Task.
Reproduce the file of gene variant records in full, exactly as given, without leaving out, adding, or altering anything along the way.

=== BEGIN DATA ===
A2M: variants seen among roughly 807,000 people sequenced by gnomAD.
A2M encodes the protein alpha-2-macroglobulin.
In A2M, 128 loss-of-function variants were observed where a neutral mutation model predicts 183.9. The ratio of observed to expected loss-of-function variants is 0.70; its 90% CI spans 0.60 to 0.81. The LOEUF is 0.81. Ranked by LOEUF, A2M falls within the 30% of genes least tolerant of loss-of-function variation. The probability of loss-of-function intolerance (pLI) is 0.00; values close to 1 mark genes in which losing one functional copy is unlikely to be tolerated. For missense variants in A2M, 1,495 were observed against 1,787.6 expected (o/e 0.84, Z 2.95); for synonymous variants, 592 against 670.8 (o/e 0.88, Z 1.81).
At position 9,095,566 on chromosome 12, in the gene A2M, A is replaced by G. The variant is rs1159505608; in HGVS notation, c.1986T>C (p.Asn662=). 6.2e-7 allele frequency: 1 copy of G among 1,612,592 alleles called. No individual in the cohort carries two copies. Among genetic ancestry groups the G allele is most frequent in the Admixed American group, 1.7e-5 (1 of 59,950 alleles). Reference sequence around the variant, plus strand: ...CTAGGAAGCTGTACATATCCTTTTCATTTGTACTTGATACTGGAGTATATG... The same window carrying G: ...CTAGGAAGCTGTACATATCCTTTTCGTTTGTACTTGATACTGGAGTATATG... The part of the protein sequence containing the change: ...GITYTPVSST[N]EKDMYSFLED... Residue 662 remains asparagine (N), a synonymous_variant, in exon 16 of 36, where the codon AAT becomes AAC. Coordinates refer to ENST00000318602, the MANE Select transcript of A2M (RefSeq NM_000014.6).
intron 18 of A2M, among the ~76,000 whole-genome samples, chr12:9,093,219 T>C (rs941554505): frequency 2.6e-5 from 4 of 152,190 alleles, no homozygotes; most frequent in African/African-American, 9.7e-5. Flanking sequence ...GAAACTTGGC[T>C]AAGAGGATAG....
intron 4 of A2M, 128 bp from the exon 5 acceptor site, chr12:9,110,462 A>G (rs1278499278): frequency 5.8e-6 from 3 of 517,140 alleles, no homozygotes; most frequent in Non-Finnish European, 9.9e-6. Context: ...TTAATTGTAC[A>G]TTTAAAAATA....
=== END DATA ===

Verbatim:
A2M: variants seen among roughly 807,000 people sequenced by gnomAD.
A2M encodes the protein alpha-2-macroglobulin.
In A2M, 128 loss-of-function variants were observed where a neutral mutation model predicts 183.9. The ratio of observed to expected loss-of-function variants is 0.70; its 90% CI spans 0.60 to 0.81. The LOEUF is 0.81. Ranked by LOEUF, A2M falls within the 30% of genes least tolerant of loss-of-function variation. The probability of loss-of-function intolerance (pLI) is 0.00; values close to 1 mark genes in which losing one functional copy is unlikely to be tolerated. For missense variants in A2M, 1,495 were observed against 1,787.6 expected (o/e 0.84, Z 2.95); for synonymous variants, 592 against 670.8 (o/e 0.88, Z 1.81).
At position 9,095,566 on chromosome 12, in the gene A2M, A is replaced by G. The variant is rs1159505608; in HGVS notation, c.1986T>C (p.Asn662=). 6.2e-7 allele frequency: 1 copy of G among 1,612,592 alleles called. No individual in the cohort carries two copies. Among genetic ancestry groups the G allele is most frequent in the Admixed American group, 1.7e-5 (1 of 59,950 alleles). Reference sequence around the variant, plus strand: ...CTAGGAAGCTGTACATATCCTTTTCATTTGTACTTGATACTGGAGTATATG... The same window carrying G: ...CTAGGAAGCTGTACATATCCTTTTCGTTTGTACTTGATACTGGAGTATATG... The part of the protein sequence containing the change: ...GITYTPVSST[N]EKDMYSFLED... Residue 662 remains asparagine (N), a synonymous_variant, in exon 16 of 36, where the codon AAT becomes AAC. Coordinates refer to ENST00000318602, the MANE Select transcript of A2M (RefSeq NM_000014.6).
intron 18 of A2M, among the ~76,000 whole-genome samples, chr12:9,093,219 T>C (rs941554505): frequency 2.6e-5 from 4 of 152,190 alleles, no homozygotes; most frequent in African/African-American, 9.7e-5. Flanking sequence ...GAAACTTGGC[T>C]AAGAGGATAG....
intron 4 of A2M, 128 bp from the exon 5 acceptor site, chr12:9,110,462 A>G (rs1278499278): frequency 5.8e-6 from 3 of 517,140 alleles, no homozygotes; most frequent in Non-Finnish European, 9.9e-6. Context: ...TTAATTGTAC[A>G]TTTAAAAATA....